Multi-line entry for mobile Scholaric Users

Scholaric has been gaining lots of mobile users recently, particularly for the iPad.

Its biggest limitation has been the fact that the lesson dialog expands its title field to a multi-line description by use of the down arrow, and there is no down arrow on these devices.

This is no longer a problem.  Scholaric now detects a mobile browser on a variety of platforms, and automatically expands the title field for you.  The label is also changed to not say "Down arrow expands"

This new feature has been tested on the following devices:
  • iPhone 4
  • Samsung Galaxy S
  • iPad
If you have a different mobile device, please add a comment to tell me if this works for you, and I'll add your device to the list.

Latest Scholaric Release: Lesson Sharing

I've just released our first lesson sharing capability in Scholaric.

You will notice a new Sharing tab in the lesson dialog.  Lessons can be shared upon creation, with any number of siblings.  When editing an existing lesson, you can share it with additional students, or unshare it from currently shared students.  Sharing a lesson creates a new shared lesson, while unsharing a lesson deletes a shared lesson.

Shared lessons have a common description - edit it in one and it is edited for all those who share it.  If you try to edit a shared lesson description, you will be warned, and given an opportunity to unlink that lesson from its shared peers.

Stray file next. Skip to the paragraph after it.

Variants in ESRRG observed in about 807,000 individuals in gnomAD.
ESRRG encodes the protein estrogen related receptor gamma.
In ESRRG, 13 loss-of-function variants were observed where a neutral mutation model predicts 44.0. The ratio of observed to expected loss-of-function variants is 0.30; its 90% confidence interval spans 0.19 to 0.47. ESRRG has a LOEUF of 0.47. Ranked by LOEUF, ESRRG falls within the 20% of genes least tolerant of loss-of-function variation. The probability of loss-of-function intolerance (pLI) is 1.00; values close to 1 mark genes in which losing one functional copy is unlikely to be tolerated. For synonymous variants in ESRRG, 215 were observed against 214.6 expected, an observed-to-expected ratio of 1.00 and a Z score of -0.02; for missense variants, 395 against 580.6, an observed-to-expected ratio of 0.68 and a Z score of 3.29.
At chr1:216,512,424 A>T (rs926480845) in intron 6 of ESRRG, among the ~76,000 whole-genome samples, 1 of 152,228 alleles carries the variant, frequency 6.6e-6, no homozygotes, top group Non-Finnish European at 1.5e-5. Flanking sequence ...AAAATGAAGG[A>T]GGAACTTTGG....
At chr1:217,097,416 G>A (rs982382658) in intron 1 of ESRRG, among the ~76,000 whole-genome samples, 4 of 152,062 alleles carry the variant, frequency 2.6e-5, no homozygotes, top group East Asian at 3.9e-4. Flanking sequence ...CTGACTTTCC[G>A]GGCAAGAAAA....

To support customization of shared lessons, you can also annotate a lesson, so it shows up only for them.  Annotations are not shared between students.

Other lesson information - scheduling, time, and score expression - are copied at the time of sharing, but are otherwise unlinked.

You may also combine lesson sharing with creation of repeating lessons, to create a whole series of shared lessons.


5 Quick Scholaric Tips

Here are 5 quick Scholaric tips every user should know:

1) Quickly mark your lesson as complete by clicking on it while holding down the alt key.

UPDATE: Lesson no longer requires time for quick complete.

2) Turn your repeating lessons into a sequence by adding a single numeric range within curly braces.  For example:

  Lesson {1-17}

will produce Lesson 1, then Lesson 2, then Lesson 3...

UPDATE: Now supports alphabetic ranges, as well as nested sequences.  See this post.

3) Make sure you set your default schedule for every course, using the course menu in the planning grid.

4) To change a lesson to a different week, click on the lesson date in the lesson dialog.

5) If you are in a daily routine of grading and updating assignments, grade your days lessons prior to printing out.  Scholaric will see that all the day's lessons are complete, and assume you want to print out tomorrow's lessons.

Juno Spacecraft's Odd Trajectory

The image below details Juno's trajectory.  Each tick on the path represents 30 days.  At first, it may seem odd, but take a close look.

Juno will be travel away from Earth for a year, passing Mars, and slowing down until it reaches its max distance.  Then it will return to us, using a combination of the Sun's and Earth's gravity to accelerate, doing a flyby in October of 2013.  Notice how much faster it is moving at that point.

From there it is a nearly 23 month journey to meet up with Jupiter, using the Sun's gravity to curve it as it goes, meeting Jupiter in July 2016.

Sometimes you need to plan ahead